In Jose Cruz Gonzalez's mind, Santa Ana is a city haunted by the dead.
The playwright sees their ghosts watching from the cemeteries and rooftops: Klan members who patrolled local neighborhoods, men shouting their barrio names into the air, and la llorona, the weeping woman, playing tricks with refrigerator doors.
They preside over the city's unyielding landscape, its streets adorned by multicolored altars marking lost lives with school pictures and dollar store candles.
The ghosts, he writes, won't be found in Irvine or Costa Mesa. They haunt their own people in Santana.
For more than a year, Gonzalez has been getting to know the ghosts of this crowded, densely packed city in the heart of Orange County, mining its secrets through interviews with hundreds of residents.
A play, based on those interviews and commissioned by South Coast Repertory in Costa Mesa, is starting to take shape, and ghosts have found themselves in characters like a young boy named Andrés, who one day was playing in the street and never heard the truck barreling toward him.
Residents have opened up their lives, Gonzalez says. "I want to be able to show what they've shared in terms of their stories, stories of heartache, stories of love, stories of hope…the spirit of just picking themselves up and moving on."
"There's a huge responsibility in getting it right."
On a spring weekday, a few dozen spectators sat in a stuffy auditorium at KidWorks, a local organization that serves as a refuge for young people near the city's center.
Staving off the heat with small cups of water from an orange cooler, they watched a cast of performers read Gonzalez's play, their words punctuated by the thump of a ball from kids playing in the alley next door.
With an early draft completed, Gonzalez and his team — project director, theater director, community liaison, several teaching artists and others — have been staging readings to get feedback from residents.
Gonzalez, 57, sat in the audience, listening and taking notes. He is an outsider in this city, though he once imagined making it home. He was born in Calexico, raised by farmworker parents in the tiny Santa Cruz county town of Freedom and lived in Santa Ana for two years after graduate school.
He and his wife thought they'd stay, he said, until one day they came home to learn that their neighbor had robbed a bank, returned home, broken through the ceiling of their shared town home and hid in Gonzalez's home to escape the police. A standoff ensued and the man came out only when police tossed tear gas canisters though their windows.
"We left," he said. They now live in Cerritos. "We were just too shocked by the experience."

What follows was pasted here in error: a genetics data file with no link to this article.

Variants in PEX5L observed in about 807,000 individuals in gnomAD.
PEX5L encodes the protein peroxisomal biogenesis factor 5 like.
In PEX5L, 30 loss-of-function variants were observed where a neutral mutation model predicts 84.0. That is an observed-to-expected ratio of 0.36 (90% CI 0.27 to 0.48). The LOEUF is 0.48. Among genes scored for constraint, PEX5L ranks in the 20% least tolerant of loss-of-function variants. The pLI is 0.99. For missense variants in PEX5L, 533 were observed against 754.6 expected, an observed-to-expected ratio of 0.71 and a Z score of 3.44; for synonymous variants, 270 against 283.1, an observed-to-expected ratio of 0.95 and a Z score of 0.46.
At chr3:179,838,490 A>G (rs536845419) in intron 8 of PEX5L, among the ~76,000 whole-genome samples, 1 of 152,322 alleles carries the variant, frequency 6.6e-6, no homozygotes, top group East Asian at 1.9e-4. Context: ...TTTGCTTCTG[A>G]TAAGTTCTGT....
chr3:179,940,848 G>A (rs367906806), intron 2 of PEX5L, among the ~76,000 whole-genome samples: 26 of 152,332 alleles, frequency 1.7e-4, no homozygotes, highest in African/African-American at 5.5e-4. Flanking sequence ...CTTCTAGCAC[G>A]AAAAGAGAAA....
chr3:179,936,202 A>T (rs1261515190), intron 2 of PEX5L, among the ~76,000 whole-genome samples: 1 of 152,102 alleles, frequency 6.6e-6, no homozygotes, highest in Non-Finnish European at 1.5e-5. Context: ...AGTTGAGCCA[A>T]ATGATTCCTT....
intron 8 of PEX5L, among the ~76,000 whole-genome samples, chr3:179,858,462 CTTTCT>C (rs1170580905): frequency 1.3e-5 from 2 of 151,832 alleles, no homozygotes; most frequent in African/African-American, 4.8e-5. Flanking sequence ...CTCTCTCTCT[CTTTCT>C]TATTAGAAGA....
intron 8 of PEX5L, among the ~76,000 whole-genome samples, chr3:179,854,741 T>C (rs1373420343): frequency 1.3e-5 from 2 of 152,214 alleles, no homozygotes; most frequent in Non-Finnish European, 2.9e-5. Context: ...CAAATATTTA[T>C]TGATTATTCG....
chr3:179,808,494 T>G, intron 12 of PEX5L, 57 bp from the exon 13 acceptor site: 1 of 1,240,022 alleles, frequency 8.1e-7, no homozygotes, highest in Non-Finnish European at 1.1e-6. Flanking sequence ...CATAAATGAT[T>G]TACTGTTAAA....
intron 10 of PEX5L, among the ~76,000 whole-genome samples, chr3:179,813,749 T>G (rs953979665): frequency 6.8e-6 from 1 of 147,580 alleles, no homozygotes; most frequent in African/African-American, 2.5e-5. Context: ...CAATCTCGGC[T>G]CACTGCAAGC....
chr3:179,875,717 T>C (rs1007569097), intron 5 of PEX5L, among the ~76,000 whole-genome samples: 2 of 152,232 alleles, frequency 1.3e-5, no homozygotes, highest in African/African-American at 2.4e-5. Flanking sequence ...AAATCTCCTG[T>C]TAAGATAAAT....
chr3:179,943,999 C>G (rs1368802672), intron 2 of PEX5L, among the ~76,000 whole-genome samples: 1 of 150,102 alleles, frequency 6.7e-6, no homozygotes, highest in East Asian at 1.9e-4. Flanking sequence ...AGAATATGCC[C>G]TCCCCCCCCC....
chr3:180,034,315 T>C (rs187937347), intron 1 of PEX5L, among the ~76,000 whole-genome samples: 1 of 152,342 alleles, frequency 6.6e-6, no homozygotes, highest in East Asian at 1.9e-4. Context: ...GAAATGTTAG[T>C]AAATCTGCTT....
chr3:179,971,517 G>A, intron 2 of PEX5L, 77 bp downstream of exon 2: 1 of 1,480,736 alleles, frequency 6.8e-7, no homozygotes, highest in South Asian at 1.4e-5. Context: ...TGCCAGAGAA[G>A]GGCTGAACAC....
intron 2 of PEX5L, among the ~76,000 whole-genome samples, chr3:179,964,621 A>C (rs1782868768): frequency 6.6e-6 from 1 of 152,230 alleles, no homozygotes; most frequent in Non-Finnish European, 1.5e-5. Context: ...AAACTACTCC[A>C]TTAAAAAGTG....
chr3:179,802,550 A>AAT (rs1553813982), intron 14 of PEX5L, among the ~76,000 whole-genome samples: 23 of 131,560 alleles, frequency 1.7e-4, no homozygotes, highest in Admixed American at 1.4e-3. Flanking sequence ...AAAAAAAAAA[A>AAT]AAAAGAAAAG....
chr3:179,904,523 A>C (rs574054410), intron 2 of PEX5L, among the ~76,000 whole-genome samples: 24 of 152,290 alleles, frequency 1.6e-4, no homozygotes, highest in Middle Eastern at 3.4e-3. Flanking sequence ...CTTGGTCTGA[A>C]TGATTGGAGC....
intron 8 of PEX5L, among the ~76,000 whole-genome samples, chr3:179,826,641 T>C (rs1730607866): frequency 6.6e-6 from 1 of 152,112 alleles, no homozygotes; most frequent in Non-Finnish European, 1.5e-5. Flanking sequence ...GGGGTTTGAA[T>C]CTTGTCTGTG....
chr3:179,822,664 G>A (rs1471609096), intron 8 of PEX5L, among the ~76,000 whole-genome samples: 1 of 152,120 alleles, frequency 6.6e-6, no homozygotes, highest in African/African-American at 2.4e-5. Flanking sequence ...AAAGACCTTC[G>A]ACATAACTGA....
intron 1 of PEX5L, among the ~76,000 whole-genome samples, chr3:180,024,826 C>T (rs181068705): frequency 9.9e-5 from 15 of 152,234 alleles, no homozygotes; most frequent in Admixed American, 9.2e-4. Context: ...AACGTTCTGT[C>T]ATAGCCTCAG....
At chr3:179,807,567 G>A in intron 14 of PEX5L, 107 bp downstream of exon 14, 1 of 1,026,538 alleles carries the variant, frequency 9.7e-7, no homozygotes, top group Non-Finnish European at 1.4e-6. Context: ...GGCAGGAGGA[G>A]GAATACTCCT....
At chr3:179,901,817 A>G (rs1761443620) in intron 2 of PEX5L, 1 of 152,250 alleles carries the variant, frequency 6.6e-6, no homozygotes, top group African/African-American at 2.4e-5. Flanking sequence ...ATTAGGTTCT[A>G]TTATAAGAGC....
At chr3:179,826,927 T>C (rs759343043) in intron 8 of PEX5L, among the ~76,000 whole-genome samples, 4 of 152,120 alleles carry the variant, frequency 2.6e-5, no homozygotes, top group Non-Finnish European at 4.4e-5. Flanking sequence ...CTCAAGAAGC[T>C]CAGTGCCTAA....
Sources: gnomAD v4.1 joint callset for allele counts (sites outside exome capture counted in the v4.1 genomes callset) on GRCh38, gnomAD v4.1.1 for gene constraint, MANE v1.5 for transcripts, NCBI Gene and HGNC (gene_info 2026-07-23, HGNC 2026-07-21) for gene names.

Nearly two years ago, he was tapped by South Coast Repertory to write a play about Santa Ana after the regional theater company obtained a grant designed to encourage it to take art out into the community, rather than wait for new audiences to come to them.
The theater's artistic director, Marc Masterson, had been looking for ways to connect the theater with Orange County's other communities. South Coast Repertory is in Costa Mesa, just across the street from Santa Ana.
The theater had a history of working with Latino artists. For 19 years, it ran a special program that fostered new work by Latino playwrights; the program was discontinued in 2004.
When Masterson arrived at the theater three years ago, he wanted to reconnect with surrounding neighborhoods.
"One of the things that art can do is to validate people's stories," he said. "Even if their words don't make it literally into the final project, everybody knows they've been listened to."
Once complete, the Santa Ana play won't be performed at the theater. Instead, it will be staged in the Santa Ana Civic Center, where dozens of homeless men and women are fixtures on the steps of county and city government.
Gonzalez imagines the play — which is called "The Long Road Today/El Largo Camino de Hoy" — transforming the city. Puppets will roam nearby rooftops, photographs will be projected on the sides of buildings, and there will be a miniature barrio with toy cars and street cats and dogs.
It is a play specifically for the city, and after a brief run in September its future is unclear.
"There's not necessarily an assumption that it will have a life after its creation," Masterson said. "It's possible that the work will speak to larger issues than the specific issues of Orange County or Santa Ana. But I think time will tell."